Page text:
When Marine Harvest, the world’s largest producer of Atlantic salmon, sought advice for how to improve their staff understanding of RAS technology, they turned to The Freshwater Institute for engineering expertise, best practices and hands-on training on recirculation aquaculture systems (RAS). During a two and a half-day workshop in Bergen, Norway, 37 staff members—representing six freshwater hatcheries that produce a total of 15.3 million smolts annually—learned from the Freshwater Institute’s experts on a range of topics related to RAS, including:Marine Harvest logo

  • RAS Engineering
  • Water Quality
  • Tank Design
  • Waste Control
  • Fish Health and Biosecurity

Guest speakers from Veolia - Kruger Kaldnes, a leading water technology company, and the Norwegian research organization Nofima, also took part in the workshop, presenting sessions on biofiltration and fish physiology, respectively.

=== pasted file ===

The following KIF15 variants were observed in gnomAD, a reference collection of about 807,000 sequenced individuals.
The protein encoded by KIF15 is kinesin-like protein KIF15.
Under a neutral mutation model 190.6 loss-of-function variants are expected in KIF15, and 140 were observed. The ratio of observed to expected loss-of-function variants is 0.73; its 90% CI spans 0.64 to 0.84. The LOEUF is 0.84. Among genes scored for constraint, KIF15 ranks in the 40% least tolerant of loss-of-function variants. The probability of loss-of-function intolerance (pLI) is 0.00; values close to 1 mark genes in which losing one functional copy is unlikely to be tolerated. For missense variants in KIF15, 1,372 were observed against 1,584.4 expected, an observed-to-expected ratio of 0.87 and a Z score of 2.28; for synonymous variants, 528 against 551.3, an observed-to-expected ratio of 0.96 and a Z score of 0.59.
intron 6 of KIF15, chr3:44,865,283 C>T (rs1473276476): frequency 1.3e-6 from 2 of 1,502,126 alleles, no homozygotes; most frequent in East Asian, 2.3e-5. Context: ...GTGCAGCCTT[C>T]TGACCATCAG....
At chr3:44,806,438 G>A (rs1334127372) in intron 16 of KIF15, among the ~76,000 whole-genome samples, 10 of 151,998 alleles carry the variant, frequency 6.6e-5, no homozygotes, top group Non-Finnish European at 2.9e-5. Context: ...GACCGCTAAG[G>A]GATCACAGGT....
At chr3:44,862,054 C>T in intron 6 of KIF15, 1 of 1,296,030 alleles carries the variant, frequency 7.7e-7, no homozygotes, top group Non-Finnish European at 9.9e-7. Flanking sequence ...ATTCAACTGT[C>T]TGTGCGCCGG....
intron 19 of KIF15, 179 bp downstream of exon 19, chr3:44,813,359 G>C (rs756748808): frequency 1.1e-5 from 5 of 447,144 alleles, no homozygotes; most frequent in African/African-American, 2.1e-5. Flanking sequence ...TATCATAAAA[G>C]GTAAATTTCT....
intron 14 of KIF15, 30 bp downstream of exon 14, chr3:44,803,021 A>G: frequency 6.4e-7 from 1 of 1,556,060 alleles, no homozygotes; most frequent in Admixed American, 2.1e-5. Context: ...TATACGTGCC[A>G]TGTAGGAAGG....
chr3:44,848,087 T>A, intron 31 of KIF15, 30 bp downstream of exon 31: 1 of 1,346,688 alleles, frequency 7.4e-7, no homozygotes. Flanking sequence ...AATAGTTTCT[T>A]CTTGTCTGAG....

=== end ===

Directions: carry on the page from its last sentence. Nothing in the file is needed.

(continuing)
RAS technology provides a sustainable way to meet consumer seafood needs with minimal environmental impact. Marine Harvest’s existing hatcheries have a flow-through system, which uses copious amounts of water. With RAS, Marine Harvest will be able to recycle 99 percent of the water used in the system, filter and repurpose waste, and create a controlled environment that removes risks of contamination and disease, and therefore eliminates the introduction of antibiotics, vaccines and chemicals into the process.

"The training provided was exactly what we needed to bring our staff up to speed on RAS," said Bjarte Sævareid, south region freshwater production manager for Marine Harvest. "Everyone came out of the training with a much stronger understanding of RAS technology and its benefits for the aquaculture industry."

As Marine Harvest transitions more of its production to land-based RAS they will be relying on trainings like this to increase staff knowledge and skills. The Freshwater Institute is pleased to be working with them on this effort.